Crenshaw Boulevard was just beginning to open its eyes as we made our way down from the hills of View Park, the quiet neighborhood that looms above the usually bustling business district. It was just after eight o’clock and the mall was still closed, of course, as were most of the stores that lined the street. But the small army of hucksters whose domain was the block just north of Slauson Boulevard had already queued up.
Their wares were arranged neatly on tables near the backs of their vans or on portable shelves that were as close to the oncoming traffic as was legally possible. Or illegally possible. CDs, tapes, African garb, a few food items, some household products, and clothing were for sale, as well as the occasional bootlegged video. “Pssst. Got that new Chris Rock, right here. Gimme five.” The most colorful items were the T-shirts and caps hanging from the chain-link fence that surrounded a vacant lot and served as a backdrop for the makeshift outdoor mall. There were no hordes walking along Crenshaw. Customers had to be hunted, then captured. Several salesmen waded into traffic, vigorously waving their goods.
I beeped my horn as I passed Fish Man, a portly gentleman who sold fresh salmon from the back of a white van at prices that were far lower than at the grocery store. A few feet away Mr. Bean Pie, representing the capitalistic interests of the Nation of Islam, clad in the requisite suit and bow tie, hawked newspapers and mouth-watering pies created from the lowly navy bean to drivers stopped at the red light. Beyond the bakery section, young men were approaching idling cars, holding up T-shirts, caps, and all manner of Lakers regalia, not to mention American flags in every size, for every conceivable place. I whizzed by them. I had a flag sticking in my lawn and one on my car and no longer braked for Old Glory.
The last enterprise zone belonged to Crenshaw’s most ubiquitous sales force: the Incense People. Later in the day they would prop themselves in front of Laundromats and beauty parlors, slouch against the exterior walls of Krispy Kreme Doughnuts, Rite Aid, and Savon Drugs, waving their wares and chanting “Buy some incense” to anyone who ventured close enough to be considered a possible sale. Based on the sheer size of the IP workforce, it was a wonder that a mushroom cloud wasn’t hovering over South Central at all times. Either we were the dope-smokingest folks in the city or we were meditating around the clock. Maybe both. Several young men were eyeing my car, their fists dangling the telltale plastic bags, but fortunately the light was green. Among the legions of hucksters, the IP were the risk takers and had been known to jump in front of moving vehicles, defying death and dismemberment for the sale of a one-dollar bag.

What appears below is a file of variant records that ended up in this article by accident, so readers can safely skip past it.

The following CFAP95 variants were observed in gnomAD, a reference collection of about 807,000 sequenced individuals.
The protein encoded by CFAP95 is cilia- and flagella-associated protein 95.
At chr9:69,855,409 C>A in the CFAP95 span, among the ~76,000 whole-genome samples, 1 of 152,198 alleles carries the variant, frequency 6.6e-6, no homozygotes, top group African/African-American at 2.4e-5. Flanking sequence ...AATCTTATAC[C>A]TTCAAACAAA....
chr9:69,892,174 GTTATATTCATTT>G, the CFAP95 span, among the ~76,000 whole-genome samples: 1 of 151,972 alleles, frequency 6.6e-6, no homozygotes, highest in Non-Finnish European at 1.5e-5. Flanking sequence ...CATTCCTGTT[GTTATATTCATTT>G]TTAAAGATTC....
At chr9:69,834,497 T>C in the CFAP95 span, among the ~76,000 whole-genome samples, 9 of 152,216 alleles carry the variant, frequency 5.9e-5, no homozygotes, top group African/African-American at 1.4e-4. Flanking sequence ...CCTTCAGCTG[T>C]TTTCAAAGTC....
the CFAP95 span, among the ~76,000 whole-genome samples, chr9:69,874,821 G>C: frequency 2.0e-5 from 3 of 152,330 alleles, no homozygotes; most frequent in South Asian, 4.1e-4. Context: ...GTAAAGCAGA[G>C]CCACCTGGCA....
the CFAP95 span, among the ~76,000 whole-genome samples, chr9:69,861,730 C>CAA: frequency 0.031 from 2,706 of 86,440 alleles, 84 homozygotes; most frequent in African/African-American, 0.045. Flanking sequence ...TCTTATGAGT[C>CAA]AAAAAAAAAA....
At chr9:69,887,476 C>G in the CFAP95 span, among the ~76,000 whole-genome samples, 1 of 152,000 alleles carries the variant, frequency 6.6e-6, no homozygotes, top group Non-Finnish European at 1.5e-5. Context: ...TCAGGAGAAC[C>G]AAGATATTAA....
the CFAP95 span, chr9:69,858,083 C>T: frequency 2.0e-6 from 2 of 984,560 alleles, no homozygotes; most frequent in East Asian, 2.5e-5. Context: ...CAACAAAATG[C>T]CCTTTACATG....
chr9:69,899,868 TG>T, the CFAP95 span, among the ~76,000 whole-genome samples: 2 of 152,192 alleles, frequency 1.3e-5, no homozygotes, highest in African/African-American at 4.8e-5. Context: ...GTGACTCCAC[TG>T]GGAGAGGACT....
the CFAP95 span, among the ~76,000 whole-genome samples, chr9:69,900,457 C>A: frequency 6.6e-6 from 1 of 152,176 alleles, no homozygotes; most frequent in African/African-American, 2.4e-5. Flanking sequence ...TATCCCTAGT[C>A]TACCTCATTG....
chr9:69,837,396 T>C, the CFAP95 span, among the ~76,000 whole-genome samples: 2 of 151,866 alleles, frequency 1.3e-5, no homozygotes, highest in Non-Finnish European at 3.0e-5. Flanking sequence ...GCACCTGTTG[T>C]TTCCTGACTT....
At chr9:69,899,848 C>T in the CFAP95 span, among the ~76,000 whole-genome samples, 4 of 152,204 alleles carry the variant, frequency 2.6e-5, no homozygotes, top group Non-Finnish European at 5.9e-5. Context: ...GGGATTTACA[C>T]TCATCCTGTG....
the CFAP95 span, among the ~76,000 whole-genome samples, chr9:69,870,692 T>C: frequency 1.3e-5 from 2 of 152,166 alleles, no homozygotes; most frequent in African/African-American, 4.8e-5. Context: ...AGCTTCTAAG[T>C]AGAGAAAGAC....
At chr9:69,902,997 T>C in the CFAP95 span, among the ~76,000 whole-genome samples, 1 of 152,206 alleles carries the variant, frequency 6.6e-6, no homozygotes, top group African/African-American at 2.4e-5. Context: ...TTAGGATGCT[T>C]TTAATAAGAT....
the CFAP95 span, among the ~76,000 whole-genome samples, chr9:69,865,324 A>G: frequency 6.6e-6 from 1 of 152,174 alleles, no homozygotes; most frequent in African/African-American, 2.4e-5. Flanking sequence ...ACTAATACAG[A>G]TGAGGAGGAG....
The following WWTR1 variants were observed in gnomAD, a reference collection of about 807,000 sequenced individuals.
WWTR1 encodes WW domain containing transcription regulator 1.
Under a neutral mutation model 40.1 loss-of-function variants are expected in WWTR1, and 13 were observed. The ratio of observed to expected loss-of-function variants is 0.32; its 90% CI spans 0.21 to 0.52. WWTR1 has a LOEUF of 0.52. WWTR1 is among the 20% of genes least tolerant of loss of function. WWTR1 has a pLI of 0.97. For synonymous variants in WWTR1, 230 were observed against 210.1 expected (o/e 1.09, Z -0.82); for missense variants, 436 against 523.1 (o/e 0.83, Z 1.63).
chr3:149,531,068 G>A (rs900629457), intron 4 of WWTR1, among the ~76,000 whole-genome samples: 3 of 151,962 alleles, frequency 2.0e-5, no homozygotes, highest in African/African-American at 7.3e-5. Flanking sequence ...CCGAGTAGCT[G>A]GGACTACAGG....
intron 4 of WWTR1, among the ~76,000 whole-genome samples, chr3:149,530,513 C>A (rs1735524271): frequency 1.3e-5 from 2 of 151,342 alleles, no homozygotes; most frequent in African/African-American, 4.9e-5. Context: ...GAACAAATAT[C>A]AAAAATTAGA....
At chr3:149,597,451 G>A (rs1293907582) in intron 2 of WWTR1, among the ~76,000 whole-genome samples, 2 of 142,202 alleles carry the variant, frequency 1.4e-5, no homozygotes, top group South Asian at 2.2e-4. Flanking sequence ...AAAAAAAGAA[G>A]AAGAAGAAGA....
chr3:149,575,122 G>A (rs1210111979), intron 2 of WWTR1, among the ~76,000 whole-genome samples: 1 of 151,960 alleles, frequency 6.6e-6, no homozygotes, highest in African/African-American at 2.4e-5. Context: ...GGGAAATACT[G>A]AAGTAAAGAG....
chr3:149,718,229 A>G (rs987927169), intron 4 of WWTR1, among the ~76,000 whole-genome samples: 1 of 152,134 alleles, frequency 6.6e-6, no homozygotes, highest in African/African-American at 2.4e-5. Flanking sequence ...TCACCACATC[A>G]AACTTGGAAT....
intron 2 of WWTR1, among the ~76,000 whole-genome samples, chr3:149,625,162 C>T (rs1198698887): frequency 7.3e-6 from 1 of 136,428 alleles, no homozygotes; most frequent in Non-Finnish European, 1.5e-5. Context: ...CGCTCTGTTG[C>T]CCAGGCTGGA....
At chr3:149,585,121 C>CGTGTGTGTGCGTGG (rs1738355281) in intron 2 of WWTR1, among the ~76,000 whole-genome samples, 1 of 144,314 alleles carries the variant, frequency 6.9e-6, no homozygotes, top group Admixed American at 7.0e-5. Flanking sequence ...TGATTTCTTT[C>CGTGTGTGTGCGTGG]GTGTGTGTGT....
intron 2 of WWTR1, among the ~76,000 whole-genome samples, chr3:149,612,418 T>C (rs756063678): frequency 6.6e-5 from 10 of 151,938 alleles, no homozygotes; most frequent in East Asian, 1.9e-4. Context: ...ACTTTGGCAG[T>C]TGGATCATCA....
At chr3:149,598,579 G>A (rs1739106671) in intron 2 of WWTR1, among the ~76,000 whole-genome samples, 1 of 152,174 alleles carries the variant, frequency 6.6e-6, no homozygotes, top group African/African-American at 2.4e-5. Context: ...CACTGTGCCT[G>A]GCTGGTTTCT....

Half a block away, Crazy Man was standing near one of the IP. Some of my neighbors referred to him that way, and even though I, of all people, should have known better, I did too. Mumbling to the air around him, he appeared to have schizophrenia but seemed harmless. According to some neighbors, he had been normal until he came back from Vietnam. Others swore his troubles began during high school. Crazy Man trekked in and around the community all day long, returning at night to his mother’s house. His hair was a matted clump that hadn’t seen shampoo, comb, brush, or scissors in a decade. He was clad in ancient dirty pants and a ragged shirt. His feet were bare and filthy. It would take heavy-duty equipment to get him clean. That and a crew. If mania and hallucinations, delusions, and paranoia have an odor, then that’s what was rising out of his pores. Maybe pain, loss, and fury too.
The light ahead of me flashed yellow, and I sped up to get across the street. Just as I pressed down on the gas, I heard “Trina! Keri!”—a loud, exuberant yell. Trina turned around, and I glanced in the rearview mirror. A teenage boy in the car next to us was waving and shouting.
“Mom, that’s PJ. Yo, PJ, whazzup?” Trina screamed out the window. I waved. My ex-boyfriend’s son was one of my favorite people, and I hadn’t seen him in the months since I’d broken up with his dad.
“Thanks for the cash!” he yelled as his car sped away. When I caught a glimpse of him, he wasn’t smiling. Sometimes he looked so sad to me.
“You’re welcome!” I hollered back, then chuckled. Only two weeks earlier I’d stuck three twenties into a birthday card and mailed it to him.
I craned my neck to get a better look at PJ, and at that moment Crazy Man stepped off the sidewalk against the light, directly in my path. There was no time to stop. To my right was an SUV; a man was driving and there were children in the back. Another man stood on the median, holding a bag of incense in his hand. If I braked and then aimed toward the median, maybe the concrete riser would slow me down enough for him to get out of the way. It was my only option.